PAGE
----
Implementation details of Aignet's representation for execution. Since these details are hidden, most users can safely skip this section.
For background see aignet and representation.
We now describe the actual implementation of the
The Aignet network consists mainly of an array of nodes representing a topologically sorted DAG.
Each node in the graph has an ID, which is a natural number that can be used to look up that node in the array. However, often our functions take arguments that may be a node or its negation; we encode this as a literal, as 2*ID+NEG, where NEG is 1 signifying negated or 0 signifying not negated.
One arbitrary well-formedness condition that we impose on all Aignet networks is that it must have a unique constant-false node with index 0. Therefore, the literal 0 is constant-false (the constant-false node, not negated), and the literal 1 is constant-true (the constant-false node, negated).
Information about each node is stored in the node array as two consecutive 32-bit numbers, and the node ID corresponds to its position in the array. That is, the two array indices of a node are 2*ID and 2*ID+1.
The two 32-bit values contained at these locations are broken down into two 30-bit data slots and four extra bits. Three of the four extra bits encode the type of the node, and the last extra bit encodes the phase of the node, which is its value when all inputs/registers are 0. The meaning of the 30-bit data slots depends on the type of node; in some cases it stores a literal.
The encoding is broken down, least-significant bits first, as follows:
|30||Data slot 0|
|30||Data slot 1|
The combinational types are encoded as follows:
The register flag only applies to combinational inputs/outputs; it should be 0 for constants/gates (but should also be ignored in those cases). Note that the polarity here can be very confusing:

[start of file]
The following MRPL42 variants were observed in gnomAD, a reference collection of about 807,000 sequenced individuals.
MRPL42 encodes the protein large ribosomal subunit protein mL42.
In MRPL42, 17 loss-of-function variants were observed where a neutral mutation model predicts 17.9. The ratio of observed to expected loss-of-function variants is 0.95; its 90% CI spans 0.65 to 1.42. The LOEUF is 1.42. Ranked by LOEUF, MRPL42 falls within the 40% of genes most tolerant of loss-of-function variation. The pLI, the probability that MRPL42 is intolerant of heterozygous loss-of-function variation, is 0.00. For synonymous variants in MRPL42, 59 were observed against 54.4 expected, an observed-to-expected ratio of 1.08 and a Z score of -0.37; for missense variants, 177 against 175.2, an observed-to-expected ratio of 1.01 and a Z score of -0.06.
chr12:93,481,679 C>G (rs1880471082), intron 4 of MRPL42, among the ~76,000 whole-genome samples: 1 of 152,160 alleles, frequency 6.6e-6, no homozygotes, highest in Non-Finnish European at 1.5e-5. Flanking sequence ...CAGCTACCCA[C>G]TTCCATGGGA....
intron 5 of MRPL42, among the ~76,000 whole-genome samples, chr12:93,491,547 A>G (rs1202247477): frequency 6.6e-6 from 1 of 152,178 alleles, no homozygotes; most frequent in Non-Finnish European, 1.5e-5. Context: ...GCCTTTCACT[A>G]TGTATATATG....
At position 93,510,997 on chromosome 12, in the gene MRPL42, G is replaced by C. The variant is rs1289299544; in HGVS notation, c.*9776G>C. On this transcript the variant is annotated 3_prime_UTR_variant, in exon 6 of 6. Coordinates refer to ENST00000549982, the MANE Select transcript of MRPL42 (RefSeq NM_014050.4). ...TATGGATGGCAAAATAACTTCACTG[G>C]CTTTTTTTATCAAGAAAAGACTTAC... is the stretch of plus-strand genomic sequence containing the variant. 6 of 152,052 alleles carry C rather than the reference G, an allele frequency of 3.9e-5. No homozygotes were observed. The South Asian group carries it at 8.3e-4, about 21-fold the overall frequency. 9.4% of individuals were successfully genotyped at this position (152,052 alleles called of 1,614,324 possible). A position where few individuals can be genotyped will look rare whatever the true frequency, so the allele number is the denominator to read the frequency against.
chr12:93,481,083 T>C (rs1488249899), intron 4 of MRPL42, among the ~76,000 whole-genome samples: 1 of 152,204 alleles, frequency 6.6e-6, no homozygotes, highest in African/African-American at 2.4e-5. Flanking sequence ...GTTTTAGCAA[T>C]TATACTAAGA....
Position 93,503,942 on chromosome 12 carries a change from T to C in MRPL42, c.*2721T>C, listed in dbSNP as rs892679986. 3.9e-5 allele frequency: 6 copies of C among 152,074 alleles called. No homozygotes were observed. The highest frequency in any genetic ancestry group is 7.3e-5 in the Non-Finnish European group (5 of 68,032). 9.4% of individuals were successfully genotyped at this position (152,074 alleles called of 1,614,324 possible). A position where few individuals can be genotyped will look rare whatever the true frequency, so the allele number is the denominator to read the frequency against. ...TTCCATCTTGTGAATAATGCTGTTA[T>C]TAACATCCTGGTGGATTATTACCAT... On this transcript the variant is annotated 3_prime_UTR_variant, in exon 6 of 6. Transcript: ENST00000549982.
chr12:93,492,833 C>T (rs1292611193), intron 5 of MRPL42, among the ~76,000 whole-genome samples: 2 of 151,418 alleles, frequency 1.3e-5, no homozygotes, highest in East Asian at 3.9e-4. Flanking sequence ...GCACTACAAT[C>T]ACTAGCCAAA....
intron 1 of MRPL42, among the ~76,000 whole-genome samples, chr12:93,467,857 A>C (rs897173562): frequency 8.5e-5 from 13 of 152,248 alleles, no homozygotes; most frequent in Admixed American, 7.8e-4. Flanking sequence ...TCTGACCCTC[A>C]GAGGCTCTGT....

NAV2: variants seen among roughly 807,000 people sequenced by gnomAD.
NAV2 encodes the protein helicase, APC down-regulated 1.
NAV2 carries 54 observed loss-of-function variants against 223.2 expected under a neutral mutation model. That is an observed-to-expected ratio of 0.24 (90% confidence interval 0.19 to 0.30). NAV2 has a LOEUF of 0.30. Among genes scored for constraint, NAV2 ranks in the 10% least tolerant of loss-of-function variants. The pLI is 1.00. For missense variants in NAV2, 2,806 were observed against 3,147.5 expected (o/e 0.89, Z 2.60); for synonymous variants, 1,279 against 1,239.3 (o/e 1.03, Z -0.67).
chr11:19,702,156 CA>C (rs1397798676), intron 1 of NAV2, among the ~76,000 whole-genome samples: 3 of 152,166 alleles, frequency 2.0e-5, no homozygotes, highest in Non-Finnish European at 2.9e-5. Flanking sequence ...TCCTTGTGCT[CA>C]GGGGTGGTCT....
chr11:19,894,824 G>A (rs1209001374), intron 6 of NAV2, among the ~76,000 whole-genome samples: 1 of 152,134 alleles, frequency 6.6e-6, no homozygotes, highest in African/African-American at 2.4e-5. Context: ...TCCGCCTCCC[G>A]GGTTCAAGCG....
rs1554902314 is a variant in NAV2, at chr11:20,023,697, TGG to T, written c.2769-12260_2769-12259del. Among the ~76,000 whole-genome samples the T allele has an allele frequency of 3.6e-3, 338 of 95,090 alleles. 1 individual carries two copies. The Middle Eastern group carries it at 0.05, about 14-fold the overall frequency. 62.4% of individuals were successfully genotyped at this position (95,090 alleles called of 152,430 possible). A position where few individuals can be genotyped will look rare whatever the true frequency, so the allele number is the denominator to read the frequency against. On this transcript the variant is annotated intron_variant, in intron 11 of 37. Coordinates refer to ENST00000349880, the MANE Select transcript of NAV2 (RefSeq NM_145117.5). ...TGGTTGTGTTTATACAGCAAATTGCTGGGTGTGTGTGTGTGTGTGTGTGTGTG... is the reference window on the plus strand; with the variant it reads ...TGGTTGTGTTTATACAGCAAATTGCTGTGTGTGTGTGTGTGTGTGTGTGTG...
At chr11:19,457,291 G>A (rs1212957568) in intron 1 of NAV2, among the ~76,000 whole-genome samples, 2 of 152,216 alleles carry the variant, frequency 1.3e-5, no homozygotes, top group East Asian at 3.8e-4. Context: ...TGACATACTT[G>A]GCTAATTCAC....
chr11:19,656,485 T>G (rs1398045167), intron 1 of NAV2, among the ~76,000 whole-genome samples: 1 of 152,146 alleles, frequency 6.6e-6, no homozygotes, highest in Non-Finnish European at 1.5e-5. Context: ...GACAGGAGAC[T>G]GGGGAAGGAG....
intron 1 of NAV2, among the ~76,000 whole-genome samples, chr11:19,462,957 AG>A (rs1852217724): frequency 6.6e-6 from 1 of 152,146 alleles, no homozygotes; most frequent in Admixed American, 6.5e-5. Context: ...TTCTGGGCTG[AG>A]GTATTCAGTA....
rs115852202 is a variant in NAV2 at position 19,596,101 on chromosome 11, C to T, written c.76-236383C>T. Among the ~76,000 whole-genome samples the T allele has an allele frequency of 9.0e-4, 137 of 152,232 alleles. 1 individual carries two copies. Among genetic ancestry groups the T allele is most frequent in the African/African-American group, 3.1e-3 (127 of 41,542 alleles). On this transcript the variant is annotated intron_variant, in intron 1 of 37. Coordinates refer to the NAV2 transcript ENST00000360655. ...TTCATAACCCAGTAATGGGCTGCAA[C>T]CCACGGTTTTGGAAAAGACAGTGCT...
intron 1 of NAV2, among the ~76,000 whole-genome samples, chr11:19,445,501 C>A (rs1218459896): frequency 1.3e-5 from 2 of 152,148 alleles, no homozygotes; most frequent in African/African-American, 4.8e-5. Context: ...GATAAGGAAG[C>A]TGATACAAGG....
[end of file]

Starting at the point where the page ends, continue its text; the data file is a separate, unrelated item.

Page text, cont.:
The reason for this is described in aignet: the output of a register is an input to the combinational logic, and the input to a register is an output from the combinational logic.
So there are, in total, six types of objects, encoded as follows:
|Name||Combinational Type||Register Flag|
Only objects with combinational types 0, 1, and 2—constants, gates, and combinational inputs—may be fanins (descendants) of AND or combinational output objects; combinational outputs (type 3) may not.
The meanings of the two 30-bit data slots vary based on the type:
Having separate register input and output objects is somewhat awkward in terms of saying when a network is well-formed. In some sense, it's not well-formed unless every RO has a corresponding RI. But the RIs can't be added until their input cones are built, and we'd like to be able to say the network is well-formed in some sense while it is being built. So while an RO has no corresponding RI, we will say it is simply not updated: its value under sequential evalutation remains the same at each frame. A separate predicate can check that this isn't the case, but we won't generally require this for guards etc.
Furthermore, for convenience, we also allow RIs with fanin 1 set to 0. In this case they are not proper RIs because they do not connect to an RO, and they have no register number. They are also basically irrelevant to any sequential computation, because no RI gets updated with their previous value.
We require that each RI object occur later (have a larger ID) than its corresponding RO object. This allows a couple of conveniences:
Also, a strategy that might alleviate any inconvenience due to needing to add the RO before the RI: at the point of adding the RI, check whether the RO already exists and add it first if not.
An Aignet network is designed to have objects added one at a time without later modification. That is, new objects may be added, but existing objects are not changed. The object array itself (along with its size) contains enough information to fully replicate the network; in this sense, all other information recorded is auxiliary.
For efficient lookups, we do also keep arrays of inputs, outputs, and registers.
The input and output arrays simply hold the IDs of inputs/outputs in the order that they were added (as described above, each input/output object records its input/output numbers, i.e. the index in the input/output array that points back to it).
The register array is a bit more complicated, because there are typically two nodes (register input and register output) associated with each register. Each entry in the register array contains the ID of either a register input or output. If it is a register input, then the register is incomplete, i.e. its output hasn't been added yet. If it is a register output, then we have a complete register: the register array points to the register output node, which points to the register input node, which has the index in the register array.
For the full details, see the source code in